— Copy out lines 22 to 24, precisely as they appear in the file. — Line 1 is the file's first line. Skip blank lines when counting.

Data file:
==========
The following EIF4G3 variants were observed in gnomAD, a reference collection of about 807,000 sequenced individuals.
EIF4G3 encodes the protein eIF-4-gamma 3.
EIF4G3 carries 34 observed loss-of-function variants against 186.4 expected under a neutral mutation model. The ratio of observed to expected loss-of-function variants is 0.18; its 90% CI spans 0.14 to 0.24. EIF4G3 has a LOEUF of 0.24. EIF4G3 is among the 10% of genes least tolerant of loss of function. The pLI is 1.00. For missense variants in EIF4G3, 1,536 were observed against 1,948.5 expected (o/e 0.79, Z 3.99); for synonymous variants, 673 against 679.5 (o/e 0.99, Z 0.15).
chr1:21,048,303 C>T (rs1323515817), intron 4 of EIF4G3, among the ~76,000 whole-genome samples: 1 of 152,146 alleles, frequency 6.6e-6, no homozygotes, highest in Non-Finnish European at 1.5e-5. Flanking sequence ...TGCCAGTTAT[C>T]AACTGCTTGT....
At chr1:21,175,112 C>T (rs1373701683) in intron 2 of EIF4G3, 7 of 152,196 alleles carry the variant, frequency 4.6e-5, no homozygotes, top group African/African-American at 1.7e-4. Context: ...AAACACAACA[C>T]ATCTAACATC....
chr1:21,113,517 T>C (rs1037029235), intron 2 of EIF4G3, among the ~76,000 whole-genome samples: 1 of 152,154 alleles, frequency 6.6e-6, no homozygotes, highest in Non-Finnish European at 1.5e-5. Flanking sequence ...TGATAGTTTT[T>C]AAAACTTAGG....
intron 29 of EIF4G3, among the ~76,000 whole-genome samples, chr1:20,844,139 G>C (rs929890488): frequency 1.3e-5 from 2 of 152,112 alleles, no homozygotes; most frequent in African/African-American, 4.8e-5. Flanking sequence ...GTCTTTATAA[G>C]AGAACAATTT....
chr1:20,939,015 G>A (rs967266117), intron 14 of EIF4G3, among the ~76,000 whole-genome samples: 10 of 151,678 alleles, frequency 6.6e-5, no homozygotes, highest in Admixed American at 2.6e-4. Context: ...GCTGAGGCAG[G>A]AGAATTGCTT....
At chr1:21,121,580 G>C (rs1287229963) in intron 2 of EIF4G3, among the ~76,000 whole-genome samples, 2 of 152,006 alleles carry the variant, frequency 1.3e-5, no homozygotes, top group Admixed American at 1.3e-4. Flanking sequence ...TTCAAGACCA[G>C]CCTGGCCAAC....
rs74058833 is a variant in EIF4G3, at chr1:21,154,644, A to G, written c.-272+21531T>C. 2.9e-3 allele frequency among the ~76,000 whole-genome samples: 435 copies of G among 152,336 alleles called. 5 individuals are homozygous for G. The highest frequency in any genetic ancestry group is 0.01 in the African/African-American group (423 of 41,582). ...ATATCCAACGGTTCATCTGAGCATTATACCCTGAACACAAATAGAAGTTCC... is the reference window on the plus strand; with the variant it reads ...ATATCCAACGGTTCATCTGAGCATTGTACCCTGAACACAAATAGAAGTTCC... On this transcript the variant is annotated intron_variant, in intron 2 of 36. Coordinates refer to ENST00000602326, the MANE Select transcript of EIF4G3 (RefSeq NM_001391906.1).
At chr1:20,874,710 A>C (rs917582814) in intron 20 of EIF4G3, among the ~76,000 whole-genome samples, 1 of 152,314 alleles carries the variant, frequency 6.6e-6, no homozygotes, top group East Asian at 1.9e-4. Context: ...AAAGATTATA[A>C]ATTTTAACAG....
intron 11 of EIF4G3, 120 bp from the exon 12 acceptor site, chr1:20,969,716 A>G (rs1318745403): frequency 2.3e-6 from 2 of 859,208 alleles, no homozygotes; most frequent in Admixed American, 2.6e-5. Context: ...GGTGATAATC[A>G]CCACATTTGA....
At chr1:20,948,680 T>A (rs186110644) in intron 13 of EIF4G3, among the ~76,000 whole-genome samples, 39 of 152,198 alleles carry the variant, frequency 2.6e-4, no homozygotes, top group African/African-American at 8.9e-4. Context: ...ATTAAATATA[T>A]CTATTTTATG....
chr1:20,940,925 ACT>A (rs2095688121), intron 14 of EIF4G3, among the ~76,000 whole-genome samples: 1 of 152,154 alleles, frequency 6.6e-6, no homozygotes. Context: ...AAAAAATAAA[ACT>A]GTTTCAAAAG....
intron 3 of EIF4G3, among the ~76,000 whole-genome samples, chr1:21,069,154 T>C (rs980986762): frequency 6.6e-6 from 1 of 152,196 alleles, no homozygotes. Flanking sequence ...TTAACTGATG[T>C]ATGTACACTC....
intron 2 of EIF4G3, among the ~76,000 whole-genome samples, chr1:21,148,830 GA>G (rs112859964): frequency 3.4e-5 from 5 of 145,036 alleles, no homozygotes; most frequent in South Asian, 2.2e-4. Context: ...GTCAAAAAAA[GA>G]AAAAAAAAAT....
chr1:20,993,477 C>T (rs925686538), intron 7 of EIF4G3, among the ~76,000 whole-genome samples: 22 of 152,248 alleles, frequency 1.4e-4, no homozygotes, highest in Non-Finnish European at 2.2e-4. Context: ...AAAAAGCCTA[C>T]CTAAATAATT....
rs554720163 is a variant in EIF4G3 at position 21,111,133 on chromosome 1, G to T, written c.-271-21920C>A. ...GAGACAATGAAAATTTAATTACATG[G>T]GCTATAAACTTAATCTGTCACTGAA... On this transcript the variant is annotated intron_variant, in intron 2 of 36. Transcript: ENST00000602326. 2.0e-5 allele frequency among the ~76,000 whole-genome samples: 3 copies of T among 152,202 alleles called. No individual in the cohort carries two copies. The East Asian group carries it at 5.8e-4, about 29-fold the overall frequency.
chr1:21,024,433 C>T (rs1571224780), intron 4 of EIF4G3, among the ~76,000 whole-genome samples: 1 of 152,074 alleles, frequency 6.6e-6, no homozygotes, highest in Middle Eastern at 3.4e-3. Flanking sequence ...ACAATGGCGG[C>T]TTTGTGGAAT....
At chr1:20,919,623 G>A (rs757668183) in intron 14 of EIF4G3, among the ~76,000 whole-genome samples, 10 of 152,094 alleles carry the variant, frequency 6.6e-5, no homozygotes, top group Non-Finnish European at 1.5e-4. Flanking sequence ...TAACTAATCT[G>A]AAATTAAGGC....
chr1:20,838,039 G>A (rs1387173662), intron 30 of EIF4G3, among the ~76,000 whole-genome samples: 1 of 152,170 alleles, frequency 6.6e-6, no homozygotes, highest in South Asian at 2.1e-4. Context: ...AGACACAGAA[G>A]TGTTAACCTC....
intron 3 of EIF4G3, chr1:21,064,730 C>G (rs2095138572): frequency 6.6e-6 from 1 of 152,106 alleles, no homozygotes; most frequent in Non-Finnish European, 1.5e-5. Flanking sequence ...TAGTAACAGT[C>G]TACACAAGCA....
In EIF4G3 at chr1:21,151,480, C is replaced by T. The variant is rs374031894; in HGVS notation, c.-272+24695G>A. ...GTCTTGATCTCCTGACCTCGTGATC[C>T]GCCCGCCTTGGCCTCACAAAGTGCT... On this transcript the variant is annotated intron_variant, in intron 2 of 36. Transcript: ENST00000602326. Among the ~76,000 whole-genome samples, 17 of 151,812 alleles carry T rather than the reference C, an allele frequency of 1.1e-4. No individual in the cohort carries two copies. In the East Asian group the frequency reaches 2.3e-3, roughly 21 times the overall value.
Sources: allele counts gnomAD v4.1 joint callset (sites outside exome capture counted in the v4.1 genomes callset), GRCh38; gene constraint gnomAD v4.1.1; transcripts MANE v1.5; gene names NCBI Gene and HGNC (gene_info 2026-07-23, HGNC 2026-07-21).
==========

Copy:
intron 3 of EIF4G3, chr1:21,064,730 C>G (rs2095138572): frequency 6.6e-6 from 1 of 152,106 alleles, no homozygotes; most frequent in Non-Finnish European, 1.5e-5. Flanking sequence ...TAGTAACAGT[C>G]TACACAAGCA....
In EIF4G3 at chr1:21,151,480, C is replaced by T. The variant is rs374031894; in HGVS notation, c.-272+24695G>A. ...GTCTTGATCTCCTGACCTCGTGATC[C>T]GCCCGCCTTGGCCTCACAAAGTGCT... On this transcript the variant is annotated intron_variant, in intron 2 of 36. Transcript: ENST00000602326. Among the ~76,000 whole-genome samples, 17 of 151,812 alleles carry T rather than the reference C, an allele frequency of 1.1e-4. No individual in the cohort carries two copies. In the East Asian group the frequency reaches 2.3e-3, roughly 21 times the overall value.
Sources: allele counts gnomAD v4.1 joint callset (sites outside exome capture counted in the v4.1 genomes callset), GRCh38; gene constraint gnomAD v4.1.1; transcripts MANE v1.5; gene names NCBI Gene and HGNC (gene_info 2026-07-23, HGNC 2026-07-21).